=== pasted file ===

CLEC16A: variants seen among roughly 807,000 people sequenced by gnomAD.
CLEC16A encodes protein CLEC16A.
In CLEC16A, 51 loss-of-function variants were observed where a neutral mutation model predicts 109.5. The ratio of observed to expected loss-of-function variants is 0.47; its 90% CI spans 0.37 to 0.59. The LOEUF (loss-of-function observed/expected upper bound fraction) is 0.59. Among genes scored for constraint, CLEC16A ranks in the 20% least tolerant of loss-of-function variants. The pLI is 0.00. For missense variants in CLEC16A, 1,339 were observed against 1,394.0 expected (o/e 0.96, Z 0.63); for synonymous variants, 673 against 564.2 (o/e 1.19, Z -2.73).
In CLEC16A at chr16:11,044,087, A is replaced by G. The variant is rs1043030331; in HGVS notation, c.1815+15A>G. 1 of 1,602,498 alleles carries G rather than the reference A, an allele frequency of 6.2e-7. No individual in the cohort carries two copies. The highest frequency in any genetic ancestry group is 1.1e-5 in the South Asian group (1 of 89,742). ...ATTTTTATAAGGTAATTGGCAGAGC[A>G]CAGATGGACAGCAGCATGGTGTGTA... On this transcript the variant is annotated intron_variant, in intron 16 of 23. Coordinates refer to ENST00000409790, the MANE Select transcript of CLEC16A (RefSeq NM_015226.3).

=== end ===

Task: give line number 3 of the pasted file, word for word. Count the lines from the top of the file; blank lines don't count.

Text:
In CLEC16A, 51 loss-of-function variants were observed where a neutral mutation model predicts 109.5. The ratio of observed to expected loss-of-function variants is 0.47; its 90% CI spans 0.37 to 0.59. The LOEUF (loss-of-function observed/expected upper bound fraction) is 0.59. Among genes scored for constraint, CLEC16A ranks in the 20% least tolerant of loss-of-function variants. The pLI is 0.00. For missense variants in CLEC16A, 1,339 were observed against 1,394.0 expected (o/e 0.96, Z 0.63); for synonymous variants, 673 against 564.2 (o/e 1.19, Z -2.73).